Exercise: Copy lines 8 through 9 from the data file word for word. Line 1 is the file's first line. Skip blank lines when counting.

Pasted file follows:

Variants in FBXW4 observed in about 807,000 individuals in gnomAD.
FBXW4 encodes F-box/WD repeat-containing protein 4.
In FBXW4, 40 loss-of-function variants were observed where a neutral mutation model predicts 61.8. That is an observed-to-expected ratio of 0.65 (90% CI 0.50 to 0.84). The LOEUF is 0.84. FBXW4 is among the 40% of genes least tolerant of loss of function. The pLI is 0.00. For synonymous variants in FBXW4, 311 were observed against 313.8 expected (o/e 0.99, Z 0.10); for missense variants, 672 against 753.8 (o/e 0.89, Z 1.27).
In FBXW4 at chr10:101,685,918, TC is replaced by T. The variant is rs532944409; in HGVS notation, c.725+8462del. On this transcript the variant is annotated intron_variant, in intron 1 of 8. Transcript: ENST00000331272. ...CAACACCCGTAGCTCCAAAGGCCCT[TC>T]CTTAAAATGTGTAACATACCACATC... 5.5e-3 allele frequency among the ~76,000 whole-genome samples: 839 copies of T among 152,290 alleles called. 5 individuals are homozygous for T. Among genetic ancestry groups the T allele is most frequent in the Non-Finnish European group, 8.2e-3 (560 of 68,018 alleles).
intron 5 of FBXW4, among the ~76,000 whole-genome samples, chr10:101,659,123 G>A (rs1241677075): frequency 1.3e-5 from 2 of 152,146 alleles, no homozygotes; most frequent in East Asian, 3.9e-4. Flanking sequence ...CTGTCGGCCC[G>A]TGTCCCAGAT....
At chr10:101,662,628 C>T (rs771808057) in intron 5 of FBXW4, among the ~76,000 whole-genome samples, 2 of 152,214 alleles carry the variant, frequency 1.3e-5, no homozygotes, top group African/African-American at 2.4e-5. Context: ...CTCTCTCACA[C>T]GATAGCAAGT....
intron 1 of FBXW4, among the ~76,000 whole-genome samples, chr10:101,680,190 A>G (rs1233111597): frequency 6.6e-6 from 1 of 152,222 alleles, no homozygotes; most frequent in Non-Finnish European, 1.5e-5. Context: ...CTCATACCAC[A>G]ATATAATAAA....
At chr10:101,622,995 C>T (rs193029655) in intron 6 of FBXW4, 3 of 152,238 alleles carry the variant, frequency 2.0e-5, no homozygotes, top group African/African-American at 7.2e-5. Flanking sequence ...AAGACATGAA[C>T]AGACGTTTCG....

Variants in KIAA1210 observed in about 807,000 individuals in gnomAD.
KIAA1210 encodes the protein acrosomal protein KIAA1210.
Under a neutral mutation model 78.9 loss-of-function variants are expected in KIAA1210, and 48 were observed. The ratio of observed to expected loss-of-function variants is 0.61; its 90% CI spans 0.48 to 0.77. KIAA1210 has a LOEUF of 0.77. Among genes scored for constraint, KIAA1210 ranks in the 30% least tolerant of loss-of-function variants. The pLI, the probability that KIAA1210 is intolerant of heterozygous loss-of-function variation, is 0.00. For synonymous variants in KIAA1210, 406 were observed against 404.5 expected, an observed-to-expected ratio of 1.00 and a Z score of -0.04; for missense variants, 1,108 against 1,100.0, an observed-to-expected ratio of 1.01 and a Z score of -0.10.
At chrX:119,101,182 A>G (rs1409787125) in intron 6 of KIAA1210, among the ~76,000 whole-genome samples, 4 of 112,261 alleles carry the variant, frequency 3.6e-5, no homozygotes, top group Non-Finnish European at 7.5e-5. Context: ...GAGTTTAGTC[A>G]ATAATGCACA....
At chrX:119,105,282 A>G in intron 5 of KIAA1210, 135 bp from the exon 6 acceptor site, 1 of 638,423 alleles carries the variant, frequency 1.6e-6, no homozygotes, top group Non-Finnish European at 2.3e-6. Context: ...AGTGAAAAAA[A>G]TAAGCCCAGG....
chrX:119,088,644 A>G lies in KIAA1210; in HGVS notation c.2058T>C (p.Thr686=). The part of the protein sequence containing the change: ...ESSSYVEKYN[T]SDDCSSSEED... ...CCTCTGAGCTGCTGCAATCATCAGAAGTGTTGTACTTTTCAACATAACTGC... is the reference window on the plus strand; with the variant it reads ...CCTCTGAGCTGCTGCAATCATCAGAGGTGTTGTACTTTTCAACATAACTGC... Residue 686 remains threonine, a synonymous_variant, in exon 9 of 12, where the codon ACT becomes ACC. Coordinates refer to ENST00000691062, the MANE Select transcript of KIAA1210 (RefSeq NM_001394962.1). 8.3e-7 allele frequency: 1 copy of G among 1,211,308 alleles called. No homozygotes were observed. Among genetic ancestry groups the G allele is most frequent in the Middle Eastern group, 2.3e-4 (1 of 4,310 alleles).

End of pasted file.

At chr10:101,622,995 C>T (rs193029655) in intron 6 of FBXW4, 3 of 152,238 alleles carry the variant, frequency 2.0e-5, no homozygotes, top group African/African-American at 7.2e-5. Flanking sequence ...AAGACATGAA[C>T]AGACGTTTCG....

Variants in KIAA1210 observed in about 807,000 individuals in gnomAD.